HARLEQUIIN – Melt in Olive
Melt in Olive is experimental electronic jazzy weirdness overlaid with R&B style vocals, in a way I’ve never heard done before. It starts off sparsely enough but bit by bit, more and more plugins, add-ons, noises and electro-squiggles are added to the central percussive backbeat. By the end there’s a hell of a lot going on including skyscraping-falsetto guest vocals from Elliot Cole and some seriously addictive clicks and beats.
And during all that jazz-hued electro-clangour the infectious vocal of Harlequiin aka Rory Simmons strides on, faultless in its delivery. His voice, warmer than single malt and twice as addictive, is possibly one of the best on this week’s playlist. Nuanced, strong, clear and alluring, it is the voice of a singer confident in their abilities.
Don’t be put off by the quirky minimalism of the intro, Melt in Olive is a grower. Having just now hopped into Simmons’ website, I can see there is indeed a background in jazz, with the musician/producer citing Jamie Callum and David Gray as well as Jason Derulo as some of his live/studio credits.
There’s obviously a good pedigree here and a hell of a lot of talent. Harlequiin is an artist whose music needs to be further explored. His latest single, Sharpest Knife, is out now and it’s a peach.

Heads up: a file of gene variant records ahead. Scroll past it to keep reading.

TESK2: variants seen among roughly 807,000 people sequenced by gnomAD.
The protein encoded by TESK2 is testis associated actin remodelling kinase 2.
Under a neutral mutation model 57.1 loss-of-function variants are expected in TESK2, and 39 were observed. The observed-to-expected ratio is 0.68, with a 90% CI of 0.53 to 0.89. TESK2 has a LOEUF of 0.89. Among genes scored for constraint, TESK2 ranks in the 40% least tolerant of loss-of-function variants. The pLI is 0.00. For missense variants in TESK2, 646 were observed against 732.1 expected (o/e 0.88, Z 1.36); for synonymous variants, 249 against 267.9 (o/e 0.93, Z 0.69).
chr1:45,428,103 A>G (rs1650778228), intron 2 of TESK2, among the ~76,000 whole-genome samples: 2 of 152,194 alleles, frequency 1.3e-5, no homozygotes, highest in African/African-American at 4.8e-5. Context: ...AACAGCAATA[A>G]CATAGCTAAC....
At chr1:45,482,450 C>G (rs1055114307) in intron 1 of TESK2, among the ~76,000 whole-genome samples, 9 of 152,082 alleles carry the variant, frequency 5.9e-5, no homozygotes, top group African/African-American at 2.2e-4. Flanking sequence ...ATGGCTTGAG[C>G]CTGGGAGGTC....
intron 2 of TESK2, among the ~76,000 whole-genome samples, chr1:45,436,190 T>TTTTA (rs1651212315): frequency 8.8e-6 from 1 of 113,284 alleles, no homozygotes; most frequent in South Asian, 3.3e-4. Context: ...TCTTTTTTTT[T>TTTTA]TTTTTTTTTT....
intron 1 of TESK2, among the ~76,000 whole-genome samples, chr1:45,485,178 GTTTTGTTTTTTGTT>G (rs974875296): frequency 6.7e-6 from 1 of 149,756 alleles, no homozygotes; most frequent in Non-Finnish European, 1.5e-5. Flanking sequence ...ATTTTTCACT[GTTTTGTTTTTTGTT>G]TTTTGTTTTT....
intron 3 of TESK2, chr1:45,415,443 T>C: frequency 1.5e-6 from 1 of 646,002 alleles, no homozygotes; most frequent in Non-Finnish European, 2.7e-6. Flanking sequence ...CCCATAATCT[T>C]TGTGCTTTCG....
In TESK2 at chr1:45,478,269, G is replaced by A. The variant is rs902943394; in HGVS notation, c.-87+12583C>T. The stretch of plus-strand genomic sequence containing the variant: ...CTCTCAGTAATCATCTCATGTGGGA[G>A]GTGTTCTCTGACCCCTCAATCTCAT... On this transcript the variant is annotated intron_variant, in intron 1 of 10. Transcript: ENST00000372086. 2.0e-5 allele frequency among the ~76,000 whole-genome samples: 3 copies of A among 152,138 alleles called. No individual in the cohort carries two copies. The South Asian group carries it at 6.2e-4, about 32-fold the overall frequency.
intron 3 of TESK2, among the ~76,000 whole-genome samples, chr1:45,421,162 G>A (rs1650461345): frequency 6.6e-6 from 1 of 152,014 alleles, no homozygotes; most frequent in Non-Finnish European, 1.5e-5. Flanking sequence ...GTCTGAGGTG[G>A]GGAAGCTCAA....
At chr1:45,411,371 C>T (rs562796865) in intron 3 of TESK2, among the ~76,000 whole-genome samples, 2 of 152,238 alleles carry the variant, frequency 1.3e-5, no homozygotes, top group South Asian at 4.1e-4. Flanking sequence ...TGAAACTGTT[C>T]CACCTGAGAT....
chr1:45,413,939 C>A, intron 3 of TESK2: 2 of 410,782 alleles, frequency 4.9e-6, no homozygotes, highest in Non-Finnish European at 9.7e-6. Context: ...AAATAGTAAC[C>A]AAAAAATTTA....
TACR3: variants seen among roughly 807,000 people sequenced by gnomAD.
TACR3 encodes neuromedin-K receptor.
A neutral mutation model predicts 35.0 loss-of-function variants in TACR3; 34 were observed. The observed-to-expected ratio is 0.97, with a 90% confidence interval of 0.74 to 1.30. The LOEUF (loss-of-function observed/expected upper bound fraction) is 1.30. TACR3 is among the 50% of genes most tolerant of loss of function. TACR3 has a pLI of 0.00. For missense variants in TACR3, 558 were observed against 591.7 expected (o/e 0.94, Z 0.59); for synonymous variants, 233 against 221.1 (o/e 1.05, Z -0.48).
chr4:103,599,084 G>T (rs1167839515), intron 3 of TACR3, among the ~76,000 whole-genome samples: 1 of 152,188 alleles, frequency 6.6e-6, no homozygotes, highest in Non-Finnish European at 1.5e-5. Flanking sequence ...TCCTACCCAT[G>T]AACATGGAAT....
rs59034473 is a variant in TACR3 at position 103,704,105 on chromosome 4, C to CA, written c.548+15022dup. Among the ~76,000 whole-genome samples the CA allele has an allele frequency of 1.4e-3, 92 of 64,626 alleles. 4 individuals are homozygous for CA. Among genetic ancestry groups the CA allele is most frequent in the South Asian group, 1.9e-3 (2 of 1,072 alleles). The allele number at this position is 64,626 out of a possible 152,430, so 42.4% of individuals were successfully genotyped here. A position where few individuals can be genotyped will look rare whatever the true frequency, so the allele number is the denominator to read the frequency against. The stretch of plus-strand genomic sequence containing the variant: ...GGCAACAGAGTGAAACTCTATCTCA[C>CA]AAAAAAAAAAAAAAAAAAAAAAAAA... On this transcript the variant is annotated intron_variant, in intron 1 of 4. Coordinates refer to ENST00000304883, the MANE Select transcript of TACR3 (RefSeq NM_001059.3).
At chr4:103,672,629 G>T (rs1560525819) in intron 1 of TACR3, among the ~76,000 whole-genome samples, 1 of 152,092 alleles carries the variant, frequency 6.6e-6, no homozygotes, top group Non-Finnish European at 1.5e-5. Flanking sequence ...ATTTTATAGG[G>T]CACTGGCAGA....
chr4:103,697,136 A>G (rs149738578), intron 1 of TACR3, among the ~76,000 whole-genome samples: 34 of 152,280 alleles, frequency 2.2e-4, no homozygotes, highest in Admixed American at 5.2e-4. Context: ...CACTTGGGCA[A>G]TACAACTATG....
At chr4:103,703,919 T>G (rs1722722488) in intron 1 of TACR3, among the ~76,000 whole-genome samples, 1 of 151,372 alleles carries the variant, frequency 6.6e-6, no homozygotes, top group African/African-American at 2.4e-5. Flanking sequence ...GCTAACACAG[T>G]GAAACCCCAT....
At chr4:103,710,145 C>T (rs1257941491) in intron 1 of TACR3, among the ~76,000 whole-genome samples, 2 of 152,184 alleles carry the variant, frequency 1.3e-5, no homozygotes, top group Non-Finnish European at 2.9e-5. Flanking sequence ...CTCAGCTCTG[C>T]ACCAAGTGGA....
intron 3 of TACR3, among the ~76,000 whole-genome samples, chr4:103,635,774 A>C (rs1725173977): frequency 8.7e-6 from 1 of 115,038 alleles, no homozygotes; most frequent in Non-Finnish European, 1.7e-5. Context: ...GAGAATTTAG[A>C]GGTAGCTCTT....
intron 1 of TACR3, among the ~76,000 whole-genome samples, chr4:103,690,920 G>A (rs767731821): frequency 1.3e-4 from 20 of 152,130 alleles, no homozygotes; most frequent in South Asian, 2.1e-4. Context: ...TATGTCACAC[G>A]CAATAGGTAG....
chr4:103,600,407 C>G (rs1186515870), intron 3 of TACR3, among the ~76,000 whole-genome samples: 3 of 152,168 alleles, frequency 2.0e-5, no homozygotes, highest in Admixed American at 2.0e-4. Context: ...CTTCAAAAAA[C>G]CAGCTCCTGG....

THE HOWL & THE HUM – Manea
The Howl & The Hum are from York, so they probably know a few of our Mods from the local Yorkie scene. Their name takes its inspiration from the famous Ginsberg poem, Howl, which you can read through the link, if you are so inclined.
They describe themselves as a four-faced hydra and who am I to disagree? Track Manea is all a bit Bladerunner goes American rock with its dystopian brood set in the landscape of Beck and Green Day (there are hints of both) with whom they share a distorted world view. They sing about ‘a beautiful day’ set against the darkest and murkiest of instrumental backdrops, so much so, that one can almost feel the grimace on the lead singers face; he doesn’t sing the lyrics so much as bleed them.